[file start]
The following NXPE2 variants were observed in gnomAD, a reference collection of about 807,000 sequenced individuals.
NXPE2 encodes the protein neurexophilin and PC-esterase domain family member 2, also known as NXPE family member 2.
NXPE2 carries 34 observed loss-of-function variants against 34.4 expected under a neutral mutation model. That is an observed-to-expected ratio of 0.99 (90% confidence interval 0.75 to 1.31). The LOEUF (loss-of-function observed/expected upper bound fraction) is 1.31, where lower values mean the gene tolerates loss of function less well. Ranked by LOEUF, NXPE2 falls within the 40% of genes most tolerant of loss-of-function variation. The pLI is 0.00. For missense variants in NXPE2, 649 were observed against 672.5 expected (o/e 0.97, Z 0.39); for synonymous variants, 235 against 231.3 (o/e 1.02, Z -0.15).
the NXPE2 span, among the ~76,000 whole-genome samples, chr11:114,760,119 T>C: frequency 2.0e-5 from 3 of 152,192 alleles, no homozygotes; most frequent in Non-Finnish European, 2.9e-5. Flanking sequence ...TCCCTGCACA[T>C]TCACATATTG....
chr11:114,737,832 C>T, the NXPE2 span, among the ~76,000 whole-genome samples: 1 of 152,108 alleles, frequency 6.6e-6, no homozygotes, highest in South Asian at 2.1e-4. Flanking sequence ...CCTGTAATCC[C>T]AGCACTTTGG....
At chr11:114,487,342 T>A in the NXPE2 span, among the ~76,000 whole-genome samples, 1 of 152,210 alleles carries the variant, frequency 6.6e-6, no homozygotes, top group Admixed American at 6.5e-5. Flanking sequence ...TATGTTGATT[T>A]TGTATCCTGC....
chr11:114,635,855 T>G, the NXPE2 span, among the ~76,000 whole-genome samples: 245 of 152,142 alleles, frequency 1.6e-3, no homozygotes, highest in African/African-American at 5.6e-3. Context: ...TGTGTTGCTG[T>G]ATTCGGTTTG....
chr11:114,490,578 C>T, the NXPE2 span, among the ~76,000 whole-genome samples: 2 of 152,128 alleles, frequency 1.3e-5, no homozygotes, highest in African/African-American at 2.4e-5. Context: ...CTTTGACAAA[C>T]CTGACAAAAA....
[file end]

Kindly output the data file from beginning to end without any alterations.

The following NXPE2 variants were observed in gnomAD, a reference collection of about 807,000 sequenced individuals.
NXPE2 encodes the protein neurexophilin and PC-esterase domain family member 2, also known as NXPE family member 2.
NXPE2 carries 34 observed loss-of-function variants against 34.4 expected under a neutral mutation model. That is an observed-to-expected ratio of 0.99 (90% confidence interval 0.75 to 1.31). The LOEUF (loss-of-function observed/expected upper bound fraction) is 1.31, where lower values mean the gene tolerates loss of function less well. Ranked by LOEUF, NXPE2 falls within the 40% of genes most tolerant of loss-of-function variation. The pLI is 0.00. For missense variants in NXPE2, 649 were observed against 672.5 expected (o/e 0.97, Z 0.39); for synonymous variants, 235 against 231.3 (o/e 1.02, Z -0.15).
the NXPE2 span, among the ~76,000 whole-genome samples, chr11:114,760,119 T>C: frequency 2.0e-5 from 3 of 152,192 alleles, no homozygotes; most frequent in Non-Finnish European, 2.9e-5. Flanking sequence ...TCCCTGCACA[T>C]TCACATATTG....
chr11:114,737,832 C>T, the NXPE2 span, among the ~76,000 whole-genome samples: 1 of 152,108 alleles, frequency 6.6e-6, no homozygotes, highest in South Asian at 2.1e-4. Flanking sequence ...CCTGTAATCC[C>T]AGCACTTTGG....
At chr11:114,487,342 T>A in the NXPE2 span, among the ~76,000 whole-genome samples, 1 of 152,210 alleles carries the variant, frequency 6.6e-6, no homozygotes, top group Admixed American at 6.5e-5. Flanking sequence ...TATGTTGATT[T>A]TGTATCCTGC....
chr11:114,635,855 T>G, the NXPE2 span, among the ~76,000 whole-genome samples: 245 of 152,142 alleles, frequency 1.6e-3, no homozygotes, highest in African/African-American at 5.6e-3. Context: ...TGTGTTGCTG[T>G]ATTCGGTTTG....
chr11:114,490,578 C>T, the NXPE2 span, among the ~76,000 whole-genome samples: 2 of 152,128 alleles, frequency 1.3e-5, no homozygotes, highest in African/African-American at 2.4e-5. Context: ...CTTTGACAAA[C>T]CTGACAAAAA....